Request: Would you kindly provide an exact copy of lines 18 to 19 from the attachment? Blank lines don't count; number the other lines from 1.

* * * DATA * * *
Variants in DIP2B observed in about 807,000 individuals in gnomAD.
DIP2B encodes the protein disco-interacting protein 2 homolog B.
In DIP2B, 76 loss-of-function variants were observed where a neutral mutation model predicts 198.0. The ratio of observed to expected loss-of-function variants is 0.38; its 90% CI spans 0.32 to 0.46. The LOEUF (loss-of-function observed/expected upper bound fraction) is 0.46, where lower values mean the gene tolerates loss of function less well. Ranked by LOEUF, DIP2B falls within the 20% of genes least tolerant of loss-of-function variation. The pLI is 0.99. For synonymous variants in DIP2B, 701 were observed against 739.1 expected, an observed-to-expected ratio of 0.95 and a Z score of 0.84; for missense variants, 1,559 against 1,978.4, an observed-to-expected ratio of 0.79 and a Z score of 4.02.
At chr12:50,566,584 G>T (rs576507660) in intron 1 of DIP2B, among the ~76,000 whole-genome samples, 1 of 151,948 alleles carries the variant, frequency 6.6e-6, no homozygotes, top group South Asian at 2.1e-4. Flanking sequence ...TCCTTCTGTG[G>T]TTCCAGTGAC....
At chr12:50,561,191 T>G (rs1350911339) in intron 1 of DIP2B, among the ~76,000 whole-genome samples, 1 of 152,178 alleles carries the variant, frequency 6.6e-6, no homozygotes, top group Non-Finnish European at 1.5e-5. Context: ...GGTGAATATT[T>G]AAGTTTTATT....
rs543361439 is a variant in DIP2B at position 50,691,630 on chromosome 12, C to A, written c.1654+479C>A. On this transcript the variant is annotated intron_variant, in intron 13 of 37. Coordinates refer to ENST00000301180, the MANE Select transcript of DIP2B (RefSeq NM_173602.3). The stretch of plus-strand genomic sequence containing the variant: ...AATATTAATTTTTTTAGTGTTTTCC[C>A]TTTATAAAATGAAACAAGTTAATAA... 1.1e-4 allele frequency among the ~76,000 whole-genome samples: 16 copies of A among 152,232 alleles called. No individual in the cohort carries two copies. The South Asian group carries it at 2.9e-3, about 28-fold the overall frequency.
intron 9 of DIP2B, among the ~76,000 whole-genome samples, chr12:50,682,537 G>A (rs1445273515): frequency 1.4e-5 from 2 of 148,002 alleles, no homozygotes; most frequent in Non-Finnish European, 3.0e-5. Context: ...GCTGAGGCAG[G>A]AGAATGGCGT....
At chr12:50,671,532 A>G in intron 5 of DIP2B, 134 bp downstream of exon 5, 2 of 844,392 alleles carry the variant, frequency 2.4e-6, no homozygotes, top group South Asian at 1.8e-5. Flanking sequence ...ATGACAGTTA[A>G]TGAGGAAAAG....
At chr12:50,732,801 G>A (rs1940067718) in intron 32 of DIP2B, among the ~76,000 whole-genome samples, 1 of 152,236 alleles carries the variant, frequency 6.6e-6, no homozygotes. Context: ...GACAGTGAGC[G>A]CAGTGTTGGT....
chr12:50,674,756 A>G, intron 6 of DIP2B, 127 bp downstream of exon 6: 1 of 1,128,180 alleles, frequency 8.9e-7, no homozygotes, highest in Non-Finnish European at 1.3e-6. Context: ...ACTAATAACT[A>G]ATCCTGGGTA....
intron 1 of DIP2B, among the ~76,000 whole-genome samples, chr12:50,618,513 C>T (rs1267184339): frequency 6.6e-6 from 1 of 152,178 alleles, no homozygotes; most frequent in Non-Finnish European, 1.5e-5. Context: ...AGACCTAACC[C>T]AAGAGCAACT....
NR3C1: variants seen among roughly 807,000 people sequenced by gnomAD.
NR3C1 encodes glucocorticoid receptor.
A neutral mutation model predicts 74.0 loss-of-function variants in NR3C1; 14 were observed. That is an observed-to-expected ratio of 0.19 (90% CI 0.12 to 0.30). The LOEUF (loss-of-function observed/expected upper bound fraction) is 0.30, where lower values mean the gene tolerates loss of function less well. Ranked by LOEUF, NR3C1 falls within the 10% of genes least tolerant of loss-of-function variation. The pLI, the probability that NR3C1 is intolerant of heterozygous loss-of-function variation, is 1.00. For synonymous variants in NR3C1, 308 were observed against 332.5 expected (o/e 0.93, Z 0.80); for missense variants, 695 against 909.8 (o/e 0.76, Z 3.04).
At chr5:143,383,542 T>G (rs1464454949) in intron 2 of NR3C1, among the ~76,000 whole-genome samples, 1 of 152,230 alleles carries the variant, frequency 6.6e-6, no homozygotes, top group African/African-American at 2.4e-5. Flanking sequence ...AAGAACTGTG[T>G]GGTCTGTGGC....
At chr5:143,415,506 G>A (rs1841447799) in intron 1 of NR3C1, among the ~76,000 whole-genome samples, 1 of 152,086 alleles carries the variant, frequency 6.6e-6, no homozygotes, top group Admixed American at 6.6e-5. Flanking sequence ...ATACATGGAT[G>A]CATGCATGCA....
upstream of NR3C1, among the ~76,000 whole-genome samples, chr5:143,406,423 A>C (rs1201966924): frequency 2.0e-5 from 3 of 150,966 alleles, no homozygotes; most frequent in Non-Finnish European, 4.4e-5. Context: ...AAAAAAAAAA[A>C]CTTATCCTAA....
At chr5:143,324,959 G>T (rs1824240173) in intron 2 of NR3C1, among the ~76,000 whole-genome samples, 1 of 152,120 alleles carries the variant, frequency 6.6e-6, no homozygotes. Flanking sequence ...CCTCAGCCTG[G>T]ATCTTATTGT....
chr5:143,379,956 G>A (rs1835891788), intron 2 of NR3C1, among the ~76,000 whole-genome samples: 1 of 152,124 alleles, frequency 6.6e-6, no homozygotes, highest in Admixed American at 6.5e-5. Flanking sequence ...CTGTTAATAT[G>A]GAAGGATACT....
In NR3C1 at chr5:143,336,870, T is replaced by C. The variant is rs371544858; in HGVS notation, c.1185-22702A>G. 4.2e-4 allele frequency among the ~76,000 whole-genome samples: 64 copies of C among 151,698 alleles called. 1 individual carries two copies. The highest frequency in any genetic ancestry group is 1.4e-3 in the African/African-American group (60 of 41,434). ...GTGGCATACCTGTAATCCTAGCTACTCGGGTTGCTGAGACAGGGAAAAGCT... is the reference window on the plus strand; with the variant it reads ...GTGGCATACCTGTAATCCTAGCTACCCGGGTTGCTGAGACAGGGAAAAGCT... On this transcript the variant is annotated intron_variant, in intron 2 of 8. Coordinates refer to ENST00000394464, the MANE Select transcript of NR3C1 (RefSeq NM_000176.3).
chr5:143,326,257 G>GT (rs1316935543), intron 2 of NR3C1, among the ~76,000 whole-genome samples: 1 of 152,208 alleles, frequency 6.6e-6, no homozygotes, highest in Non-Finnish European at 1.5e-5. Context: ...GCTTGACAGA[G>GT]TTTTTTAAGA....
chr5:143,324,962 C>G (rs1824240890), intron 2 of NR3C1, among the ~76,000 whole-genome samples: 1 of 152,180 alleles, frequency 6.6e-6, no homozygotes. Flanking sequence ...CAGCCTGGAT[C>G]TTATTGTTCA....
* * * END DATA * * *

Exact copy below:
At chr5:143,324,959 G>T (rs1824240173) in intron 2 of NR3C1, among the ~76,000 whole-genome samples, 1 of 152,120 alleles carries the variant, frequency 6.6e-6, no homozygotes. Flanking sequence ...CCTCAGCCTG[G>T]ATCTTATTGT....
chr5:143,379,956 G>A (rs1835891788), intron 2 of NR3C1, among the ~76,000 whole-genome samples: 1 of 152,124 alleles, frequency 6.6e-6, no homozygotes, highest in Admixed American at 6.5e-5. Flanking sequence ...CTGTTAATAT[G>A]GAAGGATACT....